I suspect this line was developed by riders to explain why they ended up flat-side-down while trying to avoid a crash. They over-braked or otherwise lost control, then tried to explain the crash away as intentional and tried to make it sound like it wasn't a crash at all. Maybe motorcycle brakes once were so bad that you could stop better off your bike while sliding or tumbling. If so, that hasn't been true for decades. You can scrub off much more speed before and be going slower at impact with effective braking than you will sliding down the road on your butt. And if you are still on the bike, you might get thrown over the car you collide with, avoiding an impact with your body. If you slide into a car while you are on the ground, you either have a hard stop against it or end up wedged under it. Remember that the phrase "I laid 'er down to avoid a crash" is an oxymoron, often repeated by some other kind of moron.
The only events where being on the ground might leave you better off are: 1) on an elevated roadway where going over the guardrail will cause you to fall a long way, or 2) in that situation you see occasionally in movies, where the motorcyclist slides under a semi trailer without touching it. That's a good trick if the truck is moving.
Myth 9: One Beer Won't Hurt
Maybe not while you are drinking it, but if you get on your motorcycle after that, the effects of a single beer can get you hurt for life. No matter how unaffected you are sure you are, all the studies say differently. You increase your risk to yourself and to others when you drink and hit the road. Also, as you age, your metabolism slows down, and those "coupla drinks" you had last night may still be affecting you when you hit the road the next morning. If you are going to ride a motorcycle in the near future, no beer is enough beer.
Myth 10: It's Better to Stay in Your Lane than Split Lanes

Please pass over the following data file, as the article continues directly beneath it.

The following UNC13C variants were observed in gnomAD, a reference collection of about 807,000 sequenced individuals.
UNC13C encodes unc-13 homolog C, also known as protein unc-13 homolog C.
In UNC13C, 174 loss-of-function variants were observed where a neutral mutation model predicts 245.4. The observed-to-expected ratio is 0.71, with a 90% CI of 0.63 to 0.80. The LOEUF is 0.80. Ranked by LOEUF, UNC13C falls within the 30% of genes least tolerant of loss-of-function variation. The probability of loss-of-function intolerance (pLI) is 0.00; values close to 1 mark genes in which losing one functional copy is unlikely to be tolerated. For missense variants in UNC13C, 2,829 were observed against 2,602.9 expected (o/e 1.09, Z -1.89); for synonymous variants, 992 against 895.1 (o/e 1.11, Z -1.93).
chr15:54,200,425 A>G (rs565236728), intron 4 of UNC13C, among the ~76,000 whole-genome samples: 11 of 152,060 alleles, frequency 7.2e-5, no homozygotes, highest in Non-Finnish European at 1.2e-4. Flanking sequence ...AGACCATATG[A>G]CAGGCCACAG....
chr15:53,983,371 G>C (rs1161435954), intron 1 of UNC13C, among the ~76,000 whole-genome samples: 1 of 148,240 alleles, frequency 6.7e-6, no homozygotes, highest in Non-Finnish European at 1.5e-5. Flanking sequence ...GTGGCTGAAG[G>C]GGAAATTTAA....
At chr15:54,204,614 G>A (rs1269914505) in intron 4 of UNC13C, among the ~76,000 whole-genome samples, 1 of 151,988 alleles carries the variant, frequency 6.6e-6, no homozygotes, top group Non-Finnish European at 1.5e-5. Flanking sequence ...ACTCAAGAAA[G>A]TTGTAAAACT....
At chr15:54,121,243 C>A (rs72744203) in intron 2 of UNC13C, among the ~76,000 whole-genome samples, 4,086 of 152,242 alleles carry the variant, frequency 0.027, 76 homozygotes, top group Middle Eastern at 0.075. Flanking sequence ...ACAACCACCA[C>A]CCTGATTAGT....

In most parts of the world, motorcycles split lanes all the time, everywhere traffic is heavy. Here in the U.S., people often act as if lane-splitting is insane. But when someone actually studied it in the only place in the U.S. where it's legal (California), they discovered it's actually slightly safer than staying in the lane in heavy, slow-moving traffic. Still many motorcyclists berate others who do it, when they should in fact be endorsing it.
Myth 11: I'm Safer on the Street than on an Interstate
The thinking here must be that slower is safer, but that's only really true after the accident begins. Controlled-access roadways are inherently safer because all the traffic is going the same way, and there are no side streets from which someone can pop into your path, no pedestrians, and, often, less roadside "furniture" to hit if you depart the roadway. Running down the road at 70 mph side-by-sidewall with the whirling wheels of a semi may feel hairy, but you are actually safer than at half that speed on a city street or even a country road.
Myth 12: A Skilled Rider Can Stop Better with Conventional Brakes than with Anti-Lock Brakes
Extensive testing done recently disproves this popular notion. Even on clean, dry, flat pavement, skilled, experienced riders (who did hundreds of panic stops for the testing on outrigger-equipped motorcycles) stopped in less distance with anti-lock brakes (ABS) than with conventional or linked braking systems. Though the tests didn't include samples on surfaces with slick, dirty or wet spots, ABS certainly would have performed even better under those conditions while eliminating much of the risk of crashing.
The other cool thing about ABS on a motorcycle is that it allows you to safely practice panic stops without risking a crash caused by lock-up.
Anyway, the next time tells you that he had to "lay it down" or that green bikes crash more than purple ones, you can nod and snicker internally or challenge them. Just don't base your own riding choices on what other people assume unless their is some solid science to back it up.
For more information on safe-riding equipment, strategies, techniques and skills, see the Street Survival section of MotorcycleCruiser.com.
PS: If you made it this far, I'm not associated with MotorcycleCruiser.com in any way. This is provided FYI and for arguments sake. Rubber side down, thank you very much.